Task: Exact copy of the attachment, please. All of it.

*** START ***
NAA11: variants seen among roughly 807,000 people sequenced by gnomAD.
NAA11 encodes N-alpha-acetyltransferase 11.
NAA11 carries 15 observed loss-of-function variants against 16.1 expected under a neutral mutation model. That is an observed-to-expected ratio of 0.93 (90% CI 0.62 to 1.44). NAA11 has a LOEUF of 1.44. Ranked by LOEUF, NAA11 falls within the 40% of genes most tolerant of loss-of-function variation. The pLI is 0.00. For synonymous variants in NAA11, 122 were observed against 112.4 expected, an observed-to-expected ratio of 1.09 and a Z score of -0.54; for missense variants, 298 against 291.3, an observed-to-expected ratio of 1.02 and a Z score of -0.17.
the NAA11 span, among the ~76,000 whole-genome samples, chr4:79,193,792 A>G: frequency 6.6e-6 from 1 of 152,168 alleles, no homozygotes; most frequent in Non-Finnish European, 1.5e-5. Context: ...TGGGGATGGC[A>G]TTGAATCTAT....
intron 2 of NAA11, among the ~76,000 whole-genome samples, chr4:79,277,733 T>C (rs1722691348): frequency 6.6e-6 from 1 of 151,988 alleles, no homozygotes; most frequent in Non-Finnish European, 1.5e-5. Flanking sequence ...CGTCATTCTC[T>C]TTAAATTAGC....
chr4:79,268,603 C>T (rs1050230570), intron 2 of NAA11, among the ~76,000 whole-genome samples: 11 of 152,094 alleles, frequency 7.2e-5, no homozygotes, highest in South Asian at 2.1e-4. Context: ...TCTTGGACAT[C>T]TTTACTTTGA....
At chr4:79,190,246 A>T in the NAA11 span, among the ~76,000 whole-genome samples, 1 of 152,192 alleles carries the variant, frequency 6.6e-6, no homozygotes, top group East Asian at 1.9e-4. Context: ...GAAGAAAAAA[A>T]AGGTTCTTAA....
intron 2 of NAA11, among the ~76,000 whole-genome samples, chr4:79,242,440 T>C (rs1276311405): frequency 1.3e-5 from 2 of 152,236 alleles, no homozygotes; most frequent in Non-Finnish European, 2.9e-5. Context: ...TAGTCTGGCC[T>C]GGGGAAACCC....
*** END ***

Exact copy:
NAA11: variants seen among roughly 807,000 people sequenced by gnomAD.
NAA11 encodes N-alpha-acetyltransferase 11.
NAA11 carries 15 observed loss-of-function variants against 16.1 expected under a neutral mutation model. That is an observed-to-expected ratio of 0.93 (90% CI 0.62 to 1.44). NAA11 has a LOEUF of 1.44. Ranked by LOEUF, NAA11 falls within the 40% of genes most tolerant of loss-of-function variation. The pLI is 0.00. For synonymous variants in NAA11, 122 were observed against 112.4 expected, an observed-to-expected ratio of 1.09 and a Z score of -0.54; for missense variants, 298 against 291.3, an observed-to-expected ratio of 1.02 and a Z score of -0.17.
the NAA11 span, among the ~76,000 whole-genome samples, chr4:79,193,792 A>G: frequency 6.6e-6 from 1 of 152,168 alleles, no homozygotes; most frequent in Non-Finnish European, 1.5e-5. Context: ...TGGGGATGGC[A>G]TTGAATCTAT....
intron 2 of NAA11, among the ~76,000 whole-genome samples, chr4:79,277,733 T>C (rs1722691348): frequency 6.6e-6 from 1 of 151,988 alleles, no homozygotes; most frequent in Non-Finnish European, 1.5e-5. Flanking sequence ...CGTCATTCTC[T>C]TTAAATTAGC....
chr4:79,268,603 C>T (rs1050230570), intron 2 of NAA11, among the ~76,000 whole-genome samples: 11 of 152,094 alleles, frequency 7.2e-5, no homozygotes, highest in South Asian at 2.1e-4. Context: ...TCTTGGACAT[C>T]TTTACTTTGA....
At chr4:79,190,246 A>T in the NAA11 span, among the ~76,000 whole-genome samples, 1 of 152,192 alleles carries the variant, frequency 6.6e-6, no homozygotes, top group East Asian at 1.9e-4. Context: ...GAAGAAAAAA[A>T]AGGTTCTTAA....
intron 2 of NAA11, among the ~76,000 whole-genome samples, chr4:79,242,440 T>C (rs1276311405): frequency 1.3e-5 from 2 of 152,236 alleles, no homozygotes; most frequent in Non-Finnish European, 2.9e-5. Context: ...TAGTCTGGCC[T>C]GGGGAAACCC....